Looking for a beautiful houseplant that pumps out delicious fruit? Figs are perfect for jams, pastries, and charcuterie boards. But did you know you can grow them easily in your own home?
North American fig trees don’t need pollination to produce fruit, making growing a fig tree indoors ideal. The key to growing a healthy fig tree indoors is simply creating the right environment in which this light-loving, tropical plant can thrive.
Keep reading to see how easy it can be to start growing an indoor fig tree in your home!
How to Grow A Fig Tree Indoors
Follow the nine steps below to get started growing indoor fig trees like a pro.
1. Select and Buy Your Fig Tree
Here are some of the best fig trees you can buy today that are perfect for growing indoors.
Best Fig Trees that Can Fruit Indoors
You need ideal trees first for a growing fig tree indoors. For fruit-bearing fig trees that you can grow indoors, try a Little Ruby Fig, Black Mission Fig, Brown Turkey Fig, or an Italian Honey Fig Tree.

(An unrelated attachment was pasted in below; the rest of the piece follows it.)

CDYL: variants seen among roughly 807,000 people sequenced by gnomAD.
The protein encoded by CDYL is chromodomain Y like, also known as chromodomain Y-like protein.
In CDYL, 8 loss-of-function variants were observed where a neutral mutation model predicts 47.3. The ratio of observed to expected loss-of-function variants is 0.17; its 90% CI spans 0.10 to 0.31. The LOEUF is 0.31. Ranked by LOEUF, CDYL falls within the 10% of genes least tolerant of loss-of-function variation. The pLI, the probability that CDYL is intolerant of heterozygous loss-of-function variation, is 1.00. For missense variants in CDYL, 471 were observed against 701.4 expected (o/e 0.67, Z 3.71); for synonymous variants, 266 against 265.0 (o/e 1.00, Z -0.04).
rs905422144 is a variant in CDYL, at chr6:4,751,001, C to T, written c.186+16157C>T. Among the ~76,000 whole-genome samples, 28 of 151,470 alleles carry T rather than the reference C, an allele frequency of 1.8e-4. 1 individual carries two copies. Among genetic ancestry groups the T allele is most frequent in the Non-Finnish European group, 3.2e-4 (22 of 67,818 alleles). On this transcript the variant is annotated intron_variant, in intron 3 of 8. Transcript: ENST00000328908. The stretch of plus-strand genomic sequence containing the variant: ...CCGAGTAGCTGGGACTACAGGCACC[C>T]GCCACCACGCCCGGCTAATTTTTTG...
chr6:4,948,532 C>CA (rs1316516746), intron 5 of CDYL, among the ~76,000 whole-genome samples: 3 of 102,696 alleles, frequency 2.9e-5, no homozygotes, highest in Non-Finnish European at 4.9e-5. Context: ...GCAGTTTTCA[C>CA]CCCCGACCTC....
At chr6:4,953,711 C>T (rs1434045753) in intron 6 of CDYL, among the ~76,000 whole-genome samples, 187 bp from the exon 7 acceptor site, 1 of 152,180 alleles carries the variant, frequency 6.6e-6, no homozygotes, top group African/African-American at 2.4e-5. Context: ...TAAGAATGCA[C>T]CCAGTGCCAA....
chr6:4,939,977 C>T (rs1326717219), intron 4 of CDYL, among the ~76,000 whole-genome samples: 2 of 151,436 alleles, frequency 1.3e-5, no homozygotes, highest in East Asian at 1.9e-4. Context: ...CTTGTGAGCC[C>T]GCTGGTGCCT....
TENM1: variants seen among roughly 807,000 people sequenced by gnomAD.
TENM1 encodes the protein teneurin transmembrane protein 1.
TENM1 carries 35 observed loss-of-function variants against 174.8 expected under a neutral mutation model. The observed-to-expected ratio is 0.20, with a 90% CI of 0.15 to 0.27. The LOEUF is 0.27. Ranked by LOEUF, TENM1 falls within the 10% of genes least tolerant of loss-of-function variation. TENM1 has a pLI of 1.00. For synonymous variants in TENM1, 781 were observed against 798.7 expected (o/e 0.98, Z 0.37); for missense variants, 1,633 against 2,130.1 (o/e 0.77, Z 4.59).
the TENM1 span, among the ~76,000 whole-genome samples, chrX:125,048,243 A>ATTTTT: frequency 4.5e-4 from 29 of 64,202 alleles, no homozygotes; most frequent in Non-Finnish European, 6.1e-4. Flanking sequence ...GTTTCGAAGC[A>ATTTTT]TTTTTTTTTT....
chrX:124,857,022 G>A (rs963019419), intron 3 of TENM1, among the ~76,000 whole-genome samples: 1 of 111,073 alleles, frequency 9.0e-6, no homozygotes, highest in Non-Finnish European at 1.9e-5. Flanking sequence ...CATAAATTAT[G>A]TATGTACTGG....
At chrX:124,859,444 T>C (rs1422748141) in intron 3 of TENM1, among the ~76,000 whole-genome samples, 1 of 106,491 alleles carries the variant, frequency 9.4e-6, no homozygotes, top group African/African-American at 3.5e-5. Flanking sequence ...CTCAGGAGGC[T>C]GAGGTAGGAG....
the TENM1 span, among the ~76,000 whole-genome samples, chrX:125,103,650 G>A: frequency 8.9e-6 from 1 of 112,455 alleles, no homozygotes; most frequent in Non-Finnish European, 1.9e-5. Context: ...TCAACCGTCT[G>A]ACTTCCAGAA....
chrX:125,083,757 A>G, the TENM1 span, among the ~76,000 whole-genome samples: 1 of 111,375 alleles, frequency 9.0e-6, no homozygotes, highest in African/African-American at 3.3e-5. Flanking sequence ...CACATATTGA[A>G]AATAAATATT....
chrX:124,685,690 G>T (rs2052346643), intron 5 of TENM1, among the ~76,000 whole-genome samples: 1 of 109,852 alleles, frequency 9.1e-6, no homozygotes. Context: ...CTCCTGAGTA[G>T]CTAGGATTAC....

Best Ornamental Indoor Fig Trees
With big, dramatic, bright green leaves, a Fiddleleaf Fig can add a touch of beauty to any living space. These ornamental plants make a versatile design element simple enough to fit any interior decor style.
2. Choose the Right Container
The next step is selecting the right pot in which to plant your indoor fig tree.
Pot Size, Material, and Drainage
Ceramic pots with multiple drainage holes in the bottom are best for indoor fig trees, which don’t like to stand in water.
Fig trees will grow to fill their container, so consider how large you’d like your plant to grow. A five-gallon, twelve-inch diameter pot should be big enough for most starter indoor fig trees.
Wheeled Plant Stands
You might need to experiment with different places to keep your indoor fig tree to get it all the light it needs. A rolling plant stand will make moving your plant around much easier and reduce the likelihood you’ll drop or damage it in the process.
3. Plant in Well-Draining Soil
Start by loosely piling rocks or clay pellets in the bottom of the container to promote drainage.
Next, fill the pot with a high-quality, well-draining organic indoor potting mix.
Then mix materials like mulch, bark chips, coir, or perlite into the soil. This will help to keep it evenly moist.
4. Use the Right Fertilizer
After that, you can fertilize your fig about every four weeks during the spring and summer. Use an organic fertilizer that’s approximately equal parts nitrogen, phosphorus, and potassium.
5. Provide the Right Amount of Light